I asked for a different beginning, hoping we wouldn’t end up here. But here we are—at the end again. Here we are—black people—yet again faced with the magnitude of our need and the inadequacy of our resources—trying to make ends meet. Trying to begin again.
— Dr. Brittney Cooper

With all the light I could muster,

Profesora Sipin

*Note: In seconds apart, my student and my high school teacher emailed me about Ferguson. As I prepared to write an email back to my white student, who was trying but still believed Ferguson was not about race but making better and more moral policemen and policewomen, I wept because we know, as educators, the fight is difficult and will not end, the fight is a struggle, that even though we KNEW this was going to be the verdict, we KNEW this nation was never built for the safety and liberties and livelihoods of us, we will take our beloved books that speak universal truths and take what gives us collective strength and take what we know to be of the highest good and the highest knowledge, and though we are hurt, damaged, and pained, we will continue our important work; we will continue teaching what it means to be divided and conquered in this racist society, and we preach the truth and the love and the hope because our lives DO matter, our black lives DO matter, our hopes and our dreams and our children and our bodies DO, and will always, matter. No matter what the laws say. No matter what the real demons say. No matter what white supremacy says. We matter, and I will continue to teach this truth with the myriad of books and teachers and giants behind me who have helped us to stand.*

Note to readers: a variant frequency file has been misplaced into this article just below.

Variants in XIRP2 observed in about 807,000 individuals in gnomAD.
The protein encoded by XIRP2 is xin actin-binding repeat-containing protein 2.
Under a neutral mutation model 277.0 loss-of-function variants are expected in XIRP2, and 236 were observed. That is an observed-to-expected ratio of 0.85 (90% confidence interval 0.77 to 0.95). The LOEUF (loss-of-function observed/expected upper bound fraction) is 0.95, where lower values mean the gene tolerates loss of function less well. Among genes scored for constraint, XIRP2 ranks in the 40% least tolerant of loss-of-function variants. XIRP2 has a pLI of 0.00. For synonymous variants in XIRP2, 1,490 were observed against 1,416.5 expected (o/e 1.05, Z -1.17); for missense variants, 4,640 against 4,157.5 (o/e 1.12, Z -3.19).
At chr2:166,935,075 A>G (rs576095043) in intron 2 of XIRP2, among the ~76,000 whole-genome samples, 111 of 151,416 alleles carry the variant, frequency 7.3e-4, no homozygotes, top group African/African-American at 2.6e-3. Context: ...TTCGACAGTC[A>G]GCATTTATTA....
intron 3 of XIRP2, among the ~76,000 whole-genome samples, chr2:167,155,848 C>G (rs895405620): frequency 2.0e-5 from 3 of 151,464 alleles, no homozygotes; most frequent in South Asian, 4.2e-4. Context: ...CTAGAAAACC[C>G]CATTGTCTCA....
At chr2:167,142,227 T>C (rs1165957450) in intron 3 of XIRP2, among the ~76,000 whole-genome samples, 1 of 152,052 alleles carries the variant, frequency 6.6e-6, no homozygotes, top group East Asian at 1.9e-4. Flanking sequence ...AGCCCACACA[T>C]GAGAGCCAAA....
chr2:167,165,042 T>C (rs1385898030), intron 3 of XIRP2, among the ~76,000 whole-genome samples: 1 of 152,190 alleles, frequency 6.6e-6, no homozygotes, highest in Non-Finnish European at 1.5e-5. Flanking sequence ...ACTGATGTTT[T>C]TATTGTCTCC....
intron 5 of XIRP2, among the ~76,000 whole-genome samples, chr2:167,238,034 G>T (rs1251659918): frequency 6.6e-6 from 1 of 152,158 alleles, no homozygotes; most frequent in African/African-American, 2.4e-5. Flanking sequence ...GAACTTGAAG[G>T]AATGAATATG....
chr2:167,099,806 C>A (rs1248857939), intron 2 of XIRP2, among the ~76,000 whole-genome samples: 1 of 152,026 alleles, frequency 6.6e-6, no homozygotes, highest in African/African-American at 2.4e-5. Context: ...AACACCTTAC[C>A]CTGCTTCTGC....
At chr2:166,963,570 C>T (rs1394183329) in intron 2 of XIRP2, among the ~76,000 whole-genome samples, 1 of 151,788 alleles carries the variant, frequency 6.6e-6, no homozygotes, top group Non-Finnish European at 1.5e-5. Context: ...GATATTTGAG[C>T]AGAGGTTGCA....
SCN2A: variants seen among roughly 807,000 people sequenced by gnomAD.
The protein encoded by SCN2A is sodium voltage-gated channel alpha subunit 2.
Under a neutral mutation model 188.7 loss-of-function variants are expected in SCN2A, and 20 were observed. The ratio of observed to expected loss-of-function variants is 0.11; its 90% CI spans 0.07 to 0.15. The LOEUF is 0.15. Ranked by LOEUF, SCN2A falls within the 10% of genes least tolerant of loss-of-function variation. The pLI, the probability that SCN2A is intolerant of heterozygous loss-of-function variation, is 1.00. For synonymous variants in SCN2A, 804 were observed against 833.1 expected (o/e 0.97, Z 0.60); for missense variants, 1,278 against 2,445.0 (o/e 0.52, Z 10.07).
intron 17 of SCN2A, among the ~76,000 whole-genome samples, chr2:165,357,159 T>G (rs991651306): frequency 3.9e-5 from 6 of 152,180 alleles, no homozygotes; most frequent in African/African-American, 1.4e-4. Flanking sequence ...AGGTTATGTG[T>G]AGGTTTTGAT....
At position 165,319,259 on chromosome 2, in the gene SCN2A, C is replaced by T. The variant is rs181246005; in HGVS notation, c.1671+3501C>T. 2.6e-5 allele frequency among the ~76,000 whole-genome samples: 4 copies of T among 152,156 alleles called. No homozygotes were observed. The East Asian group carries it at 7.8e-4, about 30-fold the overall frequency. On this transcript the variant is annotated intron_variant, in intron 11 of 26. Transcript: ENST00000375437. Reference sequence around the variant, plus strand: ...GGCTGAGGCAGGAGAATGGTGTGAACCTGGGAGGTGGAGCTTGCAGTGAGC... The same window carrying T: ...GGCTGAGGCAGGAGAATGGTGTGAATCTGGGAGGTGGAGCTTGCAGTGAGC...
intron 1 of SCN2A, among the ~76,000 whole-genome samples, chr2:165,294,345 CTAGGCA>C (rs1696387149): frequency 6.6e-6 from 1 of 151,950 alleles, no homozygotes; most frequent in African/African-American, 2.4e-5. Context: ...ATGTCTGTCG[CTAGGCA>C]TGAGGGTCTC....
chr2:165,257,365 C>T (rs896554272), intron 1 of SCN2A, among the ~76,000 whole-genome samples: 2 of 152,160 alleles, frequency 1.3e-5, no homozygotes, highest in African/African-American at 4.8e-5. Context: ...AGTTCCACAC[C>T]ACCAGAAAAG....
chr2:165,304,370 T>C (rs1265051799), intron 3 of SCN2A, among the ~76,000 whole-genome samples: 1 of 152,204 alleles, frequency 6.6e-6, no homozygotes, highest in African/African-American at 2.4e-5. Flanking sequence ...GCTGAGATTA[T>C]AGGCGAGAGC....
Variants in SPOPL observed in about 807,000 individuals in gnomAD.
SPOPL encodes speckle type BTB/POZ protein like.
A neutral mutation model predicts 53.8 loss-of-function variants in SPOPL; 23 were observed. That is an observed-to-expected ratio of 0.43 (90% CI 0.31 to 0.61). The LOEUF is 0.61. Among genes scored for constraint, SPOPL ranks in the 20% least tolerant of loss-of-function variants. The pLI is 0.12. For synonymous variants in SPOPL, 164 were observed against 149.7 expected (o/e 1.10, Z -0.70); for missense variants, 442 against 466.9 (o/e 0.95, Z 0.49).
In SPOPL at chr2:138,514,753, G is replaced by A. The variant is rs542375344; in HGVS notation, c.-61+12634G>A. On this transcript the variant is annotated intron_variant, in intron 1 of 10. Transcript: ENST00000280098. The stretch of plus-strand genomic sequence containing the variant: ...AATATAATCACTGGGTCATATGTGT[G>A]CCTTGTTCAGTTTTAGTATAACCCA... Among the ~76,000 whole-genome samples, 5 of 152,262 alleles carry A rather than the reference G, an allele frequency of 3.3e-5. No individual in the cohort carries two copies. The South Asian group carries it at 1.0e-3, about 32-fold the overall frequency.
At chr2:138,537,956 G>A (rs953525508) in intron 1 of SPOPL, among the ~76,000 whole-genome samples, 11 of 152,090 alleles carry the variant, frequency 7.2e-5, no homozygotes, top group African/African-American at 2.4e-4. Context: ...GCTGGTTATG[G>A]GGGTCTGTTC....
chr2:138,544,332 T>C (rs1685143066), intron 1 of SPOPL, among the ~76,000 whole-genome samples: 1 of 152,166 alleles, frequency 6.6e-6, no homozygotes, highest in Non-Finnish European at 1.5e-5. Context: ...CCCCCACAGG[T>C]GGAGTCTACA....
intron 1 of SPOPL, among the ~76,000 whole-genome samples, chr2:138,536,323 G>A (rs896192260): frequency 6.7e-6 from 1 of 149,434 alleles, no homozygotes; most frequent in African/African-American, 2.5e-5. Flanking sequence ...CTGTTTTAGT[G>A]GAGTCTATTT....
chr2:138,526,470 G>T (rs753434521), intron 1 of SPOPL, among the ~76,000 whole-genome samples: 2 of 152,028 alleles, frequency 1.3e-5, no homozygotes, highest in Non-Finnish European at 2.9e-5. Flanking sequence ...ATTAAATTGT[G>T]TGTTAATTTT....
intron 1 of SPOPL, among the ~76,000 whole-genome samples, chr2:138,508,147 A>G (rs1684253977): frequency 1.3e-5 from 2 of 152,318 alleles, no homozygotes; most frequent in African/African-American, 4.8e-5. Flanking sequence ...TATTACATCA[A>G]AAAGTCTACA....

Melissa R. SipinBatibot: small but terrible. Melissa is a writer from Carson, CA. She won First Place in the 2013 Glimmer Train Fiction Open. Her work is published/forthcoming in Guernica, Glimmer Train Stories, PANK, Kweli Journal, Eleven Eleven Journal, and HYPHEN, among others. She cofounded and is editor-in-chief of TAYO Literary Magazine. As a Kundiman Fiction Fellow, VONA/Voices Fellow, and U.S. Navy wife, she teaches at Old Dominion University and blogs at She’s working on a novel.

1 Comment